Why we need recessions

We do everything to prevent recessions and by doing that, we reward unsustainable business behaviour, destroy sound businesses and corrupt generations of future managers.

The unfair competition

unsustainable growth

Image: flickr/Arenamontanus

I was always wondering how a sustainably managed business could compete against a cancerously managed business. Imagine for example a fast expanding company with hyped executives. They squeeze out all existing values (hidden assets and reserves, unrealised gains, customer loyalty, product pipeline, quality, employees, etc.), take high and irresponsible risks and thus generate much more profits in the short run than a sustainably managed business. After a certain time, shareholders of the latter business will look enviously to the much better performing business – and ultimately sell their company to the more successful management. And this management again has new values to squeeze out. This goes on and on and no responsibly managed business seems to have a chance against this winning strategy. Even if they do not sell their company to the faster growing and more profitable company, they will be outplayed in the market by more money and more market power or simply by less or more expensive access to financial resources.

Creative destruction

The only remedy would be that in times of economic downturn a responsibly managed business would have all these reserves necessary to weather the recession – in contrast to the cancerously grown and overleveraged business without any reserves left. Nature’s seasons seem to be a good comparison. In spring you have to grow, in summer you can harvest and in autumn you have to gain weight to have reserves for the winter. In winter certain trees die off and good gardeners even crop branches so that they can grow and flourish again next spring and summer.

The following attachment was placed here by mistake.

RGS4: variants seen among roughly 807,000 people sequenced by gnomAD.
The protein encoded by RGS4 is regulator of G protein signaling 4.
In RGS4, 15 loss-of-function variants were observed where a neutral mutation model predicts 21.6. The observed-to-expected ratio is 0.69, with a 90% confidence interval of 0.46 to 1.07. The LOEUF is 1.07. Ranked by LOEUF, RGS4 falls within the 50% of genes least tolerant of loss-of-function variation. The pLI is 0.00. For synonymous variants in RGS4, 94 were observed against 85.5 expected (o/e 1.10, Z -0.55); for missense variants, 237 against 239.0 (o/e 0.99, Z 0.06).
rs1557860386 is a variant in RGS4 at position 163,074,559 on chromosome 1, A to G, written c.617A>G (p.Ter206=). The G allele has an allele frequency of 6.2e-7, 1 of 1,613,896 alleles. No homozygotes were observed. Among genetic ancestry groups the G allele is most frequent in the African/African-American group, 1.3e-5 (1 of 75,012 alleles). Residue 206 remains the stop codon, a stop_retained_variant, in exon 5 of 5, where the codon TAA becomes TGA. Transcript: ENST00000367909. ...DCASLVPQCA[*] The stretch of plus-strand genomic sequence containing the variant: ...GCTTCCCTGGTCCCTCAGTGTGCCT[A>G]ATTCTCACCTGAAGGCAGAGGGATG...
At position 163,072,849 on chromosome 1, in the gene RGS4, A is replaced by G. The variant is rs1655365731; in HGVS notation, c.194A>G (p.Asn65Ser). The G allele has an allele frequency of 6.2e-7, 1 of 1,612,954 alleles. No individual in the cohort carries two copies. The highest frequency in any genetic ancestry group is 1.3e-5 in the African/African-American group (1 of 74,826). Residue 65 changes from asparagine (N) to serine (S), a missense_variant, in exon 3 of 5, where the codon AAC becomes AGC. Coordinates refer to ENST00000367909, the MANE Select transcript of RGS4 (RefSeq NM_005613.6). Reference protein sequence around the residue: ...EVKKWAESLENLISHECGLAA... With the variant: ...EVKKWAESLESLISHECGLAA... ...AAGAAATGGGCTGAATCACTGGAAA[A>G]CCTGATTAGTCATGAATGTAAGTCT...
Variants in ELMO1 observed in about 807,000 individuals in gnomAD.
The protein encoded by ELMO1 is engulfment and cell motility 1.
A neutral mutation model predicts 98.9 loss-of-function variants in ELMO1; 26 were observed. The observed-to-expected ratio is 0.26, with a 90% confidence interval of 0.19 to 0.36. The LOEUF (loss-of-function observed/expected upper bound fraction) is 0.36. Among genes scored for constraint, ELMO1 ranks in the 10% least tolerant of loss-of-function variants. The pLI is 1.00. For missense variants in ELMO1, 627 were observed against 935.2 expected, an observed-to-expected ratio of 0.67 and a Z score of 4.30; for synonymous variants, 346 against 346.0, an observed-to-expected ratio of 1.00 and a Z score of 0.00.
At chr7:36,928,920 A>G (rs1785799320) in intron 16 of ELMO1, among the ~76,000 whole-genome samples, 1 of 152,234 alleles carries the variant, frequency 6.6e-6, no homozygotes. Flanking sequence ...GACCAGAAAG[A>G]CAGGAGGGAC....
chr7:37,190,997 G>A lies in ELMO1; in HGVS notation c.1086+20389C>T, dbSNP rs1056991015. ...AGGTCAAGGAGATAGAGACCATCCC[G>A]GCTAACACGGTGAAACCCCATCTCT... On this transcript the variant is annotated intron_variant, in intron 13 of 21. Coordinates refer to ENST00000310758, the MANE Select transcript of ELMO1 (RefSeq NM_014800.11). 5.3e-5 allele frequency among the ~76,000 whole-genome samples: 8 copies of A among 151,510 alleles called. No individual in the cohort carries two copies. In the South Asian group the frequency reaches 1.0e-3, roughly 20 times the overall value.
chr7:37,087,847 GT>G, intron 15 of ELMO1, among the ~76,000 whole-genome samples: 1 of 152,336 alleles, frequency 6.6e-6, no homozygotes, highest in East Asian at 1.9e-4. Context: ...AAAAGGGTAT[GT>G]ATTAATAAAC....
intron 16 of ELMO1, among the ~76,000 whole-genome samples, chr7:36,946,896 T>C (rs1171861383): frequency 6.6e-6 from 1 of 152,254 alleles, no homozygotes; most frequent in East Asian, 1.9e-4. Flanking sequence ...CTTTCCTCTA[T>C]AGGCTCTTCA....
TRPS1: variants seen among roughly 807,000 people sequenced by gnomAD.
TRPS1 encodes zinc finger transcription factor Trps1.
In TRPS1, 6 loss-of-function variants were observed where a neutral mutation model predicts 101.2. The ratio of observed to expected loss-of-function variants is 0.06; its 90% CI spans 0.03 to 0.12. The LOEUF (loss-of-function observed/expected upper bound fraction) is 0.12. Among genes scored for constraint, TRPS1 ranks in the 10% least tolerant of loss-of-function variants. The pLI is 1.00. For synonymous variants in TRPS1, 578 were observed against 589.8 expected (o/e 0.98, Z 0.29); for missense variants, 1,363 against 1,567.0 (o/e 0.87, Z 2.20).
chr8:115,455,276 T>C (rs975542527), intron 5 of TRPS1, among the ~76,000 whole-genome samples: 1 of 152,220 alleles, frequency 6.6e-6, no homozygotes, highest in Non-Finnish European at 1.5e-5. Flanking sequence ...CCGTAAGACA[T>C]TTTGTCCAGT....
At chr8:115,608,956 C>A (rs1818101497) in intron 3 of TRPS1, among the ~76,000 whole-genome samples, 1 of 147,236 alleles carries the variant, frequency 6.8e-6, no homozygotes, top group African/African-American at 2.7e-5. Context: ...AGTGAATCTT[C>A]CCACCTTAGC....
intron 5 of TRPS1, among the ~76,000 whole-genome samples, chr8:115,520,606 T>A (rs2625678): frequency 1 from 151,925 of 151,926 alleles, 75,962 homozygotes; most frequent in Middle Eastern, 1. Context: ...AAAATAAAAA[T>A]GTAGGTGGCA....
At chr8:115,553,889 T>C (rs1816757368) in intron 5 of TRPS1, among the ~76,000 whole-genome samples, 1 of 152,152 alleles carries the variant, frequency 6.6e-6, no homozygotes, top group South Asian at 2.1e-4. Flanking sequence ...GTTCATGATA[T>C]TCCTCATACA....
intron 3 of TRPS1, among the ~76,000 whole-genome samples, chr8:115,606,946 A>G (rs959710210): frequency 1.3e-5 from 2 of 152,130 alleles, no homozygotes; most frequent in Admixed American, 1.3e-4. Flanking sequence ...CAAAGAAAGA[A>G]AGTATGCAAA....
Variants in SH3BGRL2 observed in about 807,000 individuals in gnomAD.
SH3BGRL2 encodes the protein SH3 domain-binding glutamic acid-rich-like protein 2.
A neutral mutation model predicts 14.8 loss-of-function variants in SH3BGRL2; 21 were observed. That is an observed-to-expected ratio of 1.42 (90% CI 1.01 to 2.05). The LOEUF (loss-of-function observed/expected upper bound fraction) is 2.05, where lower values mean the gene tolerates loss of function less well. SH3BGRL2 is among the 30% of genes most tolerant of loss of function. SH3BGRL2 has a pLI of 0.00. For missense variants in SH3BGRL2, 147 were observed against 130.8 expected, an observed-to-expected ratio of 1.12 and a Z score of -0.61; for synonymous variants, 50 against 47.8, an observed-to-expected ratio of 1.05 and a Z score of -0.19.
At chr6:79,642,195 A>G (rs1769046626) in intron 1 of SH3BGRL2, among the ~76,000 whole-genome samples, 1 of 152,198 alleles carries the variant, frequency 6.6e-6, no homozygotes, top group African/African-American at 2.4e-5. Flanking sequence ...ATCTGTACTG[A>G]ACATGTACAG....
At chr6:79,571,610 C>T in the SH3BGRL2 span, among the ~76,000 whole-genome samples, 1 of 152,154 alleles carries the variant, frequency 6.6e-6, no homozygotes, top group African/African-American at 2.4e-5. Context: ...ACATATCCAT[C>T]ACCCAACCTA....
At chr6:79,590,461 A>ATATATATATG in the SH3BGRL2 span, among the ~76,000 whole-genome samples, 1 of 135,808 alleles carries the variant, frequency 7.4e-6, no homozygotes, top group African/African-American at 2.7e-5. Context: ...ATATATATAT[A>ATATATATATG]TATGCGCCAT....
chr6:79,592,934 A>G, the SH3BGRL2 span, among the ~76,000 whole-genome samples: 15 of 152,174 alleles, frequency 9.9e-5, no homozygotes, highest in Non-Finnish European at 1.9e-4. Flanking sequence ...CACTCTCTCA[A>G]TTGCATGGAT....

That means recessions are absolutely necessary to reward sound business behaviour by the creative destruction of unsound businesses. And no business should be too big to fail. This is even more important as it has to give lessons to all of the next generation managers who have to decide what side to join.

We messed it up

But unfortunately we have spent all the resources accumulated by generations of hard working people during the last decade to prevent recessions and to save unsound businesses from going bankrupt. Now assets of ordinary people are ripped off – including pension funds, savings, and home ownerships; the banking system is still on the brink and much too overleveraged; central banks are out not only of ammunition but out of assets too – except of inflating money; and in the last round, we even used not only the money governments possessed but also the fortune of our future generations. We did not invest in infrastructure but in prolonging unsound business behaviour.

Ultimately the winter comes

And now, as we have spent all our and other’s money we have to confess that it did not help at all. It is like building hothouses around our artificially overgrown trees until we have burned all our resources to heat them up. And then, from one day to the other, it will get really cold and we will see that none of these trees is able to withstand cold winters. And we have sacrificed lots of healthy but not so fast growing trees to the illusion that trees grow into the sky like in no generation before. And lots of future managers will have to learn it the hard way – not by leading role models but by personal hardships – what sustainable and sound business behaviour means – and that it normally pays out.

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